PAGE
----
“Zuck has balls.” or “Facebook has balls.”

“Big moves.”

Heck, listen to David Kirkpatrick, who worked for Fortune for more than 20 years and just finished a book, Facebook Effect, about Facebook. I catch up with him here before the press conference, which happened just after Zuckerberg and team made tons of announcements:

Listen to the words he uses: “This is not just another company, it is a transformational phenomenon.”

“It is really great, but it is really scary in some ways too.”

By the way, after I talk with David I talk with quite a few other movers and shakers in the tech press in that video so you can get a sense of how we all reacted to the news. Then, at about 20 minutes into that video you get to see the full press conference (I have the only video of it on the Web that I’ve seen so far).

Before I explain more about what I mean when I say Facebook wants to own your digital fingerprints, there are a few other reactions I want to get in here. The first is with a couple of guys from the National Hockey League. Listen to how excited they are about the new features they turned on yesterday on NHL.com. You can “like” every player there. Some players already have hundreds of likes in just the first few hours.

Then watch how Pandora’s CTO, Tom Conrad, describes Facebook’s moves and how Pandora is now much more social because of these changes. “Mark is right when he says Web experiences want to be social.”

Finally, head over to Facebook’s official site and watch some of the videos if you haven’t seen them yet.

WHY IS THIS SO AMBITIOUS?

These moves are ambitious for a few reasons:

1. It gets Facebook plastered all over the web. Already Facebook likes are on many many sites and I’d expect to see Facebook’s new social features to show up on at least 30% of the web’s most popular sites within a month.
2. It lets us apply our social graph “fingerprint” to sites we visit. You do this by adding social plugins to your site, which is pretty easy to do.
3. It lets us apply our behavior “fingerprint” to sites we visit. Again, by adding social plugins onto your sites.
4. Facebook gets to study everything we touch now and will bring a much more complete stream back to the mother ship. This lets them build new analytics features for publishers, too, as All Facebook’s Nick O’Neill writes, but now Facebook will have the best data on the web for advertisers to study.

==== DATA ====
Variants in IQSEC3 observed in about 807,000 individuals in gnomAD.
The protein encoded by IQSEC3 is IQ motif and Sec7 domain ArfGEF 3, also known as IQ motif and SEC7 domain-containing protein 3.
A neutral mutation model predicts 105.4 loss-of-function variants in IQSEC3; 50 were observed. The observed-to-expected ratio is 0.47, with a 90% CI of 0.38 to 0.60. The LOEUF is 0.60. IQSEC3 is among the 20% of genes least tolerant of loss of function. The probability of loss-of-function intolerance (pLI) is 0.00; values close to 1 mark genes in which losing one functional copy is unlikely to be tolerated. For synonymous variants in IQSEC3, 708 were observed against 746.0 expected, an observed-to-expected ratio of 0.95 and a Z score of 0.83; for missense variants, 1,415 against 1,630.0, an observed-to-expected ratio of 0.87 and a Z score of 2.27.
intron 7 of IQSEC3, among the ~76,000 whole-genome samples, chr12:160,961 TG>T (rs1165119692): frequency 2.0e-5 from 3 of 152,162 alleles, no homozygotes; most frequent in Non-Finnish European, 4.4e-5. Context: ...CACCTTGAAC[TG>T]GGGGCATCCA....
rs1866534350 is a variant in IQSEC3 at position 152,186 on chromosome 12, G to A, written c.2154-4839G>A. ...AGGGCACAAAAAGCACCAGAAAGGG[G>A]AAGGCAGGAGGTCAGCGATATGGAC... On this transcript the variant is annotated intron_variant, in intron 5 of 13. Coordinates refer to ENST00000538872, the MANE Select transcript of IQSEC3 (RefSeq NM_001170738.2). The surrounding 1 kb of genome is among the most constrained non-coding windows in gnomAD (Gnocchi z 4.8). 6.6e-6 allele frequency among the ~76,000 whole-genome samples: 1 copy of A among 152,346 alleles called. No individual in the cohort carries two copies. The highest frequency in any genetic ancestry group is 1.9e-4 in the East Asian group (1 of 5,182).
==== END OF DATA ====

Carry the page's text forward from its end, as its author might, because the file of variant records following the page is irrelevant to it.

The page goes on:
5. Facebook gets us to keep our profile data up to date. Marketer Ed Dale nailed why this is such a big deal.
6. Facebook gets to overlay a commerce system, called Credits, on top of all this. Justin Smith of Inside Facebook writes about that.
7. Facebook has opened up to enable all this stuff to flow back and forth and has removed the 24-hour limitation on storing data gained from its API. This is probably the biggest deal for developers, Inside Facebook writes about that, but they’ve also made their API more granular so that sites can ask for, and get, very specific data instead of getting everything stored on a user. We’ll be talking about this for a while, because it actually has good implications for privacy.
8. All this new data will enable Facebook to build new kinds of search experiences, as All Facebook hints at in a post where they say Facebook is trying to build a version fo the semantic web. Search Engine Land goes further in detail about what these changes will mean.
9. It lets Facebook minimize the need for a “public” fan page, like mine. Inside Facebook explains more in detail why this is true. Mostly because they’ll spit all those bits over onto my blog, if I add the code to my blog (which I’m pretty sure I will).
10. Finally a stream of focused bits for the people who are actually visiting your page can be pushed back out to you, as Inside Facebook demonstrates.
11. They made the API much simpler and shipped a powerful graph API so more developers can build apps for Facebook (this has been one of the advantages of Twitter, for instance, because Twitter’s API was simple to figure out). Heck, you can even hit it from a web browser to see what it returns. Here is what it returns for http://graph.facebook.com/scobleizer (if you want to try it yourself, just include your Facebook name instead of mine). Leer más “Facebook’s ambition”